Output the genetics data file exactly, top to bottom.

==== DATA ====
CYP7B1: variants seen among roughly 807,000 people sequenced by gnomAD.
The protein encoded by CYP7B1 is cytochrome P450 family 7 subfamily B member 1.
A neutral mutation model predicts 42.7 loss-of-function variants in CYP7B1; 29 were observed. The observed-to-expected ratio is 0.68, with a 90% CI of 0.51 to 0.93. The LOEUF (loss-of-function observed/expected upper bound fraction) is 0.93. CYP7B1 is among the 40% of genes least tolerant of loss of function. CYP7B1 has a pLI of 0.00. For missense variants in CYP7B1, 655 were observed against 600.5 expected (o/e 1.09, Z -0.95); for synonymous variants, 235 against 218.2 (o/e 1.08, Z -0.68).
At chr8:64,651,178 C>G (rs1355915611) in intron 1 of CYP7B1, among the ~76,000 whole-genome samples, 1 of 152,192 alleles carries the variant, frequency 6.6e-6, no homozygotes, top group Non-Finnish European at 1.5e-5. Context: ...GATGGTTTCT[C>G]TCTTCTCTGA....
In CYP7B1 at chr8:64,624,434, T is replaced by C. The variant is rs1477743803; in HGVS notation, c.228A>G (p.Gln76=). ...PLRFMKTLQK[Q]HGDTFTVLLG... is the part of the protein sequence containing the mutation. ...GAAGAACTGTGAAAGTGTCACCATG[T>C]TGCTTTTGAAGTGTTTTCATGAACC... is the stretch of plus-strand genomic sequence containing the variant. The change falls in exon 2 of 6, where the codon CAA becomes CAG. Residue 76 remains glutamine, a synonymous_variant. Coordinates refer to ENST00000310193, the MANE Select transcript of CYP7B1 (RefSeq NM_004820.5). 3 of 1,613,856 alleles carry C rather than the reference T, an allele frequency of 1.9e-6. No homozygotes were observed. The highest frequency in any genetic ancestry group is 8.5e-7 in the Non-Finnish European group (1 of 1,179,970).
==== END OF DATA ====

CYP7B1: variants seen among roughly 807,000 people sequenced by gnomAD.
The protein encoded by CYP7B1 is cytochrome P450 family 7 subfamily B member 1.
A neutral mutation model predicts 42.7 loss-of-function variants in CYP7B1; 29 were observed. The observed-to-expected ratio is 0.68, with a 90% CI of 0.51 to 0.93. The LOEUF (loss-of-function observed/expected upper bound fraction) is 0.93. CYP7B1 is among the 40% of genes least tolerant of loss of function. CYP7B1 has a pLI of 0.00. For missense variants in CYP7B1, 655 were observed against 600.5 expected (o/e 1.09, Z -0.95); for synonymous variants, 235 against 218.2 (o/e 1.08, Z -0.68).
At chr8:64,651,178 C>G (rs1355915611) in intron 1 of CYP7B1, among the ~76,000 whole-genome samples, 1 of 152,192 alleles carries the variant, frequency 6.6e-6, no homozygotes, top group Non-Finnish European at 1.5e-5. Context: ...GATGGTTTCT[C>G]TCTTCTCTGA....
In CYP7B1 at chr8:64,624,434, T is replaced by C. The variant is rs1477743803; in HGVS notation, c.228A>G (p.Gln76=). ...PLRFMKTLQK[Q]HGDTFTVLLG... is the part of the protein sequence containing the mutation. ...GAAGAACTGTGAAAGTGTCACCATG[T>C]TGCTTTTGAAGTGTTTTCATGAACC... is the stretch of plus-strand genomic sequence containing the variant. The change falls in exon 2 of 6, where the codon CAA becomes CAG. Residue 76 remains glutamine, a synonymous_variant. Coordinates refer to ENST00000310193, the MANE Select transcript of CYP7B1 (RefSeq NM_004820.5). 3 of 1,613,856 alleles carry C rather than the reference T, an allele frequency of 1.9e-6. No homozygotes were observed. The highest frequency in any genetic ancestry group is 8.5e-7 in the Non-Finnish European group (1 of 1,179,970).